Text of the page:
Now, I'm not opposed to caffeine on occasion (eg: going on a long drive, need to pull an all-nighter). My problem is that every time I do it, I end up feeling bad during the times I'd normally have fallen asleep, and just as bad the whole next day. More power to you if you can drink ten cups per day, but no thanks.

Comment Re:Good thing this isn't a democracy (Score 1) 585

A republic means that an individual has rights, in spite of what removal of those rights might mean to the benefit of the whole.

A republic is simply a country with elected representatives in its government. There is no guarantee of individual rights in a given country simply because it is a "republic".
https://en.wikipedia.org/wiki/...
http://www.merriam-webster.com...

Comment Re:Potato gun (Score 1) 251

I didn't think I had a story here, thanks for reminding me of my potato cannons!

In my intro to electronics course we had taken the flash circuits from disposable cameras and hacked them to trigger via a photocell.

I had another idea: take the ~300v from the flash capacitor, dump it through a car ignition coil then through a spark plug, and I'd get a much more reliable spark than could be had by a piezo grill igniter. My best guess is that I had a few hundred thousand volts at the spark plug. I put everything in a small plastic Radio Shack project box, put a button on each side, and wired the buttons in series to prevent accidental discharges.

It worked very well: in ~5 years of use I think I went through two C cells and it only failed to work when the first battery died. Whenever I'd show off my handiwork, my audience was invariably more intimidated by the sound of the circuit charging up than the actual potato cannon :)

Comment Re:Actual *real pilots* discussion on another foru (Score 1) 268

Sure, and how much does it cost to store the thing, to have it launched, and do whatever else has to be done with a glider? I know powered aircraft are often white elephants in that respect.

Much less than a powered aircraft. Gliders generally disassemble and are stored in trailers; maintenance is limited to the annual inspection, washing/waxing, repairs, replacement of wear components, periodic repacking of your parachute if you wear one, um... I'm sure I'm missing something. One of the big expenses is just non-existent: there's no powerplant to maintain! Launching fees vary widely, but they start at ~$5 for a winch launch. Flights can be as short as 5 minutes or upwards of 5 hours, depending on conditions, endurance, and skill. Insurance isn't free, but it's certainly not prohibitively expensive.

I don't have a day a week to train so I could legally (under the sort of regime being proposed) fly my model aircraft. And they'd cost that same $10k-$20k once all the proposed equipment to do things like respect NOTAMs and restricted areas is put in. Because no one would make such equipment for hobbyists, they'd make it for the commercial market.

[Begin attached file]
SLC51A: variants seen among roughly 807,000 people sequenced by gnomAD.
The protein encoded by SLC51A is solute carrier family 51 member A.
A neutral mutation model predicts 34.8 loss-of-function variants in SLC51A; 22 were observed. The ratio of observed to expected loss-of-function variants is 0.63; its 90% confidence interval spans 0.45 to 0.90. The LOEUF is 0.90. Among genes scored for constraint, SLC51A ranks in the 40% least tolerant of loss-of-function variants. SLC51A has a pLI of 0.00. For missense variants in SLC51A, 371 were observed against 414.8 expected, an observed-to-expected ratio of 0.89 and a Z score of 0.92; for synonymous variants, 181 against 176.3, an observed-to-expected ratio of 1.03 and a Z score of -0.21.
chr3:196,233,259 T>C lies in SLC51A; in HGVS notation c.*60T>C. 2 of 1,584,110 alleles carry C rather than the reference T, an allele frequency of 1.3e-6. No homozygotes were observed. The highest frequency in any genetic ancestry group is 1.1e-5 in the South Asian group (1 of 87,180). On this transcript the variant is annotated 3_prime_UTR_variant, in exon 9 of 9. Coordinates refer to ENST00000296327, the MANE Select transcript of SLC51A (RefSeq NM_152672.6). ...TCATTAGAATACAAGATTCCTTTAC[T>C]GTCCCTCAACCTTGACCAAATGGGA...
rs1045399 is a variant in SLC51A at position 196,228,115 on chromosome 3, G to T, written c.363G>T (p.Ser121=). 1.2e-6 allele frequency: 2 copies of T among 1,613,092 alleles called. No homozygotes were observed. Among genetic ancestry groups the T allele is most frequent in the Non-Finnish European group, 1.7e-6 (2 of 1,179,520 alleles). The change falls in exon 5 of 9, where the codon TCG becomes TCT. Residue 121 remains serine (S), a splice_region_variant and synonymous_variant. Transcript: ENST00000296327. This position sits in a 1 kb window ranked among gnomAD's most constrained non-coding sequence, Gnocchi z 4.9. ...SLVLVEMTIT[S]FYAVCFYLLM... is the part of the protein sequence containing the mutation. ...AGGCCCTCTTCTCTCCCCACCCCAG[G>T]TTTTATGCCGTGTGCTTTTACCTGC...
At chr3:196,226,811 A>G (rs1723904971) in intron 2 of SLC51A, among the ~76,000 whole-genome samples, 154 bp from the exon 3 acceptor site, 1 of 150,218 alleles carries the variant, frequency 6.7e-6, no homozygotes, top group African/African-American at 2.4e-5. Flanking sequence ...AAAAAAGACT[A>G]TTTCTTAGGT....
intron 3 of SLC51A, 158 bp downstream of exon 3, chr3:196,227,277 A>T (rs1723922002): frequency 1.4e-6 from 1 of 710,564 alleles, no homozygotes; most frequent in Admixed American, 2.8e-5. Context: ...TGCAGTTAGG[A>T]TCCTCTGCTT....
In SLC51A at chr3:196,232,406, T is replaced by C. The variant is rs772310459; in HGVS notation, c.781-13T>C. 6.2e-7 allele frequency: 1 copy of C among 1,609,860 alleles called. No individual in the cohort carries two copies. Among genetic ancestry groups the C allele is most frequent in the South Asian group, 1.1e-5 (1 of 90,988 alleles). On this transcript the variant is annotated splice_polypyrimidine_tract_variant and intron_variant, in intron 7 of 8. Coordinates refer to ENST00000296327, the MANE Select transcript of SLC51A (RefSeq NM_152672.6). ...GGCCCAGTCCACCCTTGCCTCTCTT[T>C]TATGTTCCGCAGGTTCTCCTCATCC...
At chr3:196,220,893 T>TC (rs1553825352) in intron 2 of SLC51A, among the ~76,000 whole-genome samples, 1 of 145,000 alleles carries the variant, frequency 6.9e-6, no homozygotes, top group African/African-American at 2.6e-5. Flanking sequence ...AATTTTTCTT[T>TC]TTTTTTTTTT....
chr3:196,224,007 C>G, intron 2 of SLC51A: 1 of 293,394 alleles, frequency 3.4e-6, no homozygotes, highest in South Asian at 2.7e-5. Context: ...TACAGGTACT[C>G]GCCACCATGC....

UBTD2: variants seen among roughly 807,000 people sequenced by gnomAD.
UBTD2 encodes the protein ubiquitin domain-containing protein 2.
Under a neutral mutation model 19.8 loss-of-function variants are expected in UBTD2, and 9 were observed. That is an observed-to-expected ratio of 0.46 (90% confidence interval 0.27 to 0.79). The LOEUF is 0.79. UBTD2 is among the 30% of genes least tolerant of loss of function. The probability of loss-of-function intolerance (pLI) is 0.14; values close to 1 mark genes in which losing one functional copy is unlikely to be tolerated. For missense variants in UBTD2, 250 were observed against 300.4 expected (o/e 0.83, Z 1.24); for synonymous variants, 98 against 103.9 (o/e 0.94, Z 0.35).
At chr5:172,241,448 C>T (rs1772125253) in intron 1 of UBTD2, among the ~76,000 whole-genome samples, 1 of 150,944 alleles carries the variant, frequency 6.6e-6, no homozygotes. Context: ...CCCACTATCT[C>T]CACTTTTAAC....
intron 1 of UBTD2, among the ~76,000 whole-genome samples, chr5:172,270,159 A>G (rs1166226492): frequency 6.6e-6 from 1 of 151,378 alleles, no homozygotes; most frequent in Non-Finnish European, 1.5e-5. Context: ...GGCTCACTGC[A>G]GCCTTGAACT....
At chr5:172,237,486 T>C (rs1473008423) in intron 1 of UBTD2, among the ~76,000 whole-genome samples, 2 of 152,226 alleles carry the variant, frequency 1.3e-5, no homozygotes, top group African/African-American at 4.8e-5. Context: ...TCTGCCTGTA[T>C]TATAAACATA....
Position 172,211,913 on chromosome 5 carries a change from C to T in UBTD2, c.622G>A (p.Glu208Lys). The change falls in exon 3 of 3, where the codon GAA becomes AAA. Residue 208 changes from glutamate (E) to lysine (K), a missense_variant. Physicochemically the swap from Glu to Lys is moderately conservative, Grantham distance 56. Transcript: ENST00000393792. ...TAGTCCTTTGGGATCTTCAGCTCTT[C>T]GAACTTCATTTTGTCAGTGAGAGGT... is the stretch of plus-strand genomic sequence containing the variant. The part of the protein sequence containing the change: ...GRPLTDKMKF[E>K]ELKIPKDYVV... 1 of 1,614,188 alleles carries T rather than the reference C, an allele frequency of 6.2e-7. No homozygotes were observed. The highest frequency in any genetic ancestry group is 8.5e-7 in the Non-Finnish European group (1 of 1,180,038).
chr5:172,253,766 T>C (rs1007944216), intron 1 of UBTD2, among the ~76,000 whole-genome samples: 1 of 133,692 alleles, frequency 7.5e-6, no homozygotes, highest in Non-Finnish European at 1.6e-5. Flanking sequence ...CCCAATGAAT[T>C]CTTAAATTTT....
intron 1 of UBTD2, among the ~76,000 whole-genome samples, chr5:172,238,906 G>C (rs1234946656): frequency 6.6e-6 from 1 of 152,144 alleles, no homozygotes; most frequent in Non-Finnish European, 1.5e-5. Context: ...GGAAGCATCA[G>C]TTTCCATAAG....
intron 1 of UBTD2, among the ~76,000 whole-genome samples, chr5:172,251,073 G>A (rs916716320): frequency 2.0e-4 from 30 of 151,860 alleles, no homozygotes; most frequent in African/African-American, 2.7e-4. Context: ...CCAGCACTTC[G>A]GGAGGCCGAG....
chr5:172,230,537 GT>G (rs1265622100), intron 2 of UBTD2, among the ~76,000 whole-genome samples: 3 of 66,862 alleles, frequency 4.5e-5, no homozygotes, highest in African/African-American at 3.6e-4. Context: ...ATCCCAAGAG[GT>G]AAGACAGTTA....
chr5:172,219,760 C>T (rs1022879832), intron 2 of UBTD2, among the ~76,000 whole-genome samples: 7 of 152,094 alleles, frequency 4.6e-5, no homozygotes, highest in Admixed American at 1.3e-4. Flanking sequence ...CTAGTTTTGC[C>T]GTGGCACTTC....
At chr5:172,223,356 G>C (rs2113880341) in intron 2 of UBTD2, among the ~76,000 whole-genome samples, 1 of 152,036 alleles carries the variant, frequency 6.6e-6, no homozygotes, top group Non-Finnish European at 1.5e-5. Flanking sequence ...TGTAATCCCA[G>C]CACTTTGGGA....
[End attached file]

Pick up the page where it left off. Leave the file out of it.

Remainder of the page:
Most of the FAA's regulations actually make sense, and the licensing requirements for different categories of aircraft / licenses call for different levels of training - flying an ultralight doesn't even require a license (but the pilots are still responsible for following the rules). I would suspect that a drone rating would be a simple knowledge test, and there would be no practical exam since so much of a drone's flight is automated - it might even be something you could self-study for. Obtaining the required number of flight hours, and otherwise preparing for the practical is what constitutes the lion's share of the time/money needed to get a private/light sport/recreational license - you need to know, for example, what causes stalls and how to recover from them. I suspect the exam would cover things like airspace definitions and rules, right-of-way rules, etc.

Comment Re:Actual *real pilots* discussion on another foru (Score 1) 268

On the contrary, a lot of people want draconian restrictions like mandatory licensing and restrictions on sale of such vehicles.

Perhaps I misspoke. I should have said that I've not heard from anyone who wants this, and I have talked about it with other pilots.

except relatively wealthy ones with a ton of time, like yourself

Your assumptions are showing.

While there are wealthy pilots, most of us are of modest means. My (small) car is paid off so I spend the equivalent of its payment on my hobby during the on season, and that amount will go down once I finish my license. I won't need to buy my own glider outright, but if I do decide to do so, there are perfectly adequate specimens for sale in the $10k-$20k range.

As for time, I fly one day per week - sometimes two, sometimes zero. On the days I do fly, I still have time to mow the lawn, cook dinner, work on household projects, and even watch a movie with family.

Comment Re:Actual *real pilots* discussion on another foru (Score 1) 268

Student pilot here, you're wrong. I fly for a hobby and will never earn a living doing it so I have no fear of lost income, but drones are scary because they could kill me. The thought of a quadcopter popping up in front of my flight path on short final is scary indeed - there's already plenty to think about without worrying about that.

Like anything, flying is a calculated risk and I accept the odds, the recent proliferation of cheap drones just makes it a bit riskier. It's not so scary that I'm going to stop, but I would like some kind of formalized rule to mitigate it. Nobody wants draconian restrictions like mandatory licensing, but Joe Sixpack oughtn't try to take a close-up video of my landing without discussing it with me beforehand (link).

OP is correct, there is no good solution apparent.